‘Our Businesses Are Dying,’ Motor Parts Dealers Lament Dollar Scarcity

People who own cars or run a transport business will attest to the persistent cost of maintaining their cars. The problem of dollar exchange and sourcing for the currency to carry out export activities by Nigerian motor parts importers is currently biting hard across the country.

Infact, most Nigerian motor parts importers are grappling to survive even in the Federal Capital Territories as some of the markets have lost their boom.

Motor parts importers have lost their credit worthiness before their foreign suppliers who formerly gave them goods on credit.

The prices of automobile engines and other motor parts have risen at an alarming rate as the naira has continued to lose its value.

The naira is trading at N410.89 per dollar at the Central Bank of Nigeria rate, while it is trading around N572 at the unofficial market, but the more serious challenge is the supply of the dollar.

The scarcity has led to a spike in prices of different commodities in the Nigerian market. Earlier in January 2021, a Toyota Highlander 2008 engine was N300,000, but it now sells around N550,000 to N600,000.

A Toyota Corolla S engine as of December was between N320,000 to N330,000 now sells for N380,000 and N400,000.

The price of KYB shock absorber imported from Dubai or Japan over the last two months has risen from N60,000 to around N85,000.

Customer’s income is being eroded making it difficult for both the sellers and the buyers to maintain their vehicle.

The ripple effect will be  on the transportation sector which has a way of making life more difficult for Nigerians.

The National Bureau of Statistics had blamed logistics and transport problems as one of the drivers of inflation. But the government has made deliberate effort to reduce the problem of logistics.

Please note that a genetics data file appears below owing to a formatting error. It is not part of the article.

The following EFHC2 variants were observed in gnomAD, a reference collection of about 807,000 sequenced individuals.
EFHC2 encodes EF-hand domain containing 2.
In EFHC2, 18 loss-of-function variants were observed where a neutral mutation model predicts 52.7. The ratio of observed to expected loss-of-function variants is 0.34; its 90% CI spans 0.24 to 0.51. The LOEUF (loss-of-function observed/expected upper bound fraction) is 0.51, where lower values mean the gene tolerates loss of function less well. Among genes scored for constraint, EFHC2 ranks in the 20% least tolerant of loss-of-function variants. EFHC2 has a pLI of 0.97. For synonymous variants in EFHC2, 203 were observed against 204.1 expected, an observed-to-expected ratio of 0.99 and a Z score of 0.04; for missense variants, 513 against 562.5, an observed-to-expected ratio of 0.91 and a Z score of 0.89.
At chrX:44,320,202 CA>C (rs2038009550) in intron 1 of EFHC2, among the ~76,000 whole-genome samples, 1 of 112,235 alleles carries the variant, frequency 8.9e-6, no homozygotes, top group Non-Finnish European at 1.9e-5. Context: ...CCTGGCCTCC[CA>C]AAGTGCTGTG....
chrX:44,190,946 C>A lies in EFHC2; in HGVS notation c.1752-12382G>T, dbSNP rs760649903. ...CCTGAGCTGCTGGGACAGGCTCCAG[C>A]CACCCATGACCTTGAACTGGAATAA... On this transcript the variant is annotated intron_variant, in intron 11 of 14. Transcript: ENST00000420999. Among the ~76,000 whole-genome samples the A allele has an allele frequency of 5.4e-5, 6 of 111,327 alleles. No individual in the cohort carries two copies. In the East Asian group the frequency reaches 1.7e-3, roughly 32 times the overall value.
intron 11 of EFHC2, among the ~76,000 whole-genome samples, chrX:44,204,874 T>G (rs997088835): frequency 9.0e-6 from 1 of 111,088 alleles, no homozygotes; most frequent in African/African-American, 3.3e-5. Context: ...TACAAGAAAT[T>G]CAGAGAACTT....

At the popular Motor Spare Parts Market in Zuba, Leonard Iroka, who runs Akinmbo Enterprise and heads the market union said the market has become a ‘ghost market due to low patronage.’

Iroka said, “The effect of the dollar devaluation is too high on us, because we can’t do our business without dollars.

“Most of the things we buy are imported and now that the dollar is so high, it is difficult for us to even import. The little ones we have are so high and customers are not so responsive, because we sell the way we buy. You might sell something to somebody today at N20,000, coming back tomorrow you might see the price has increased to N30,000, because as the dollar is increasing, the prices of goods are rising.

“We can’t send money to our suppliers abroad because the value of the currency has become so valueless.”

If for instance, a motor part dealer spent N5m for import at $12,500 (N400/dollar), today the same N5m in dollar terms is $8,695 at(N575/dollar).

The Chairman said, “It is better for you to buy goods than to have cash as a businessman, because cash will not give you turnover. Now that the business is so hard, it is difficult for us to transact.

“Before, if you ask for goods of $20,000 or $30,000, they will ask you to pay 30 per cent first before they send it to you. Immediately it reaches you, you will pay another 30 per cent making it 60 per cent then you pay the balance.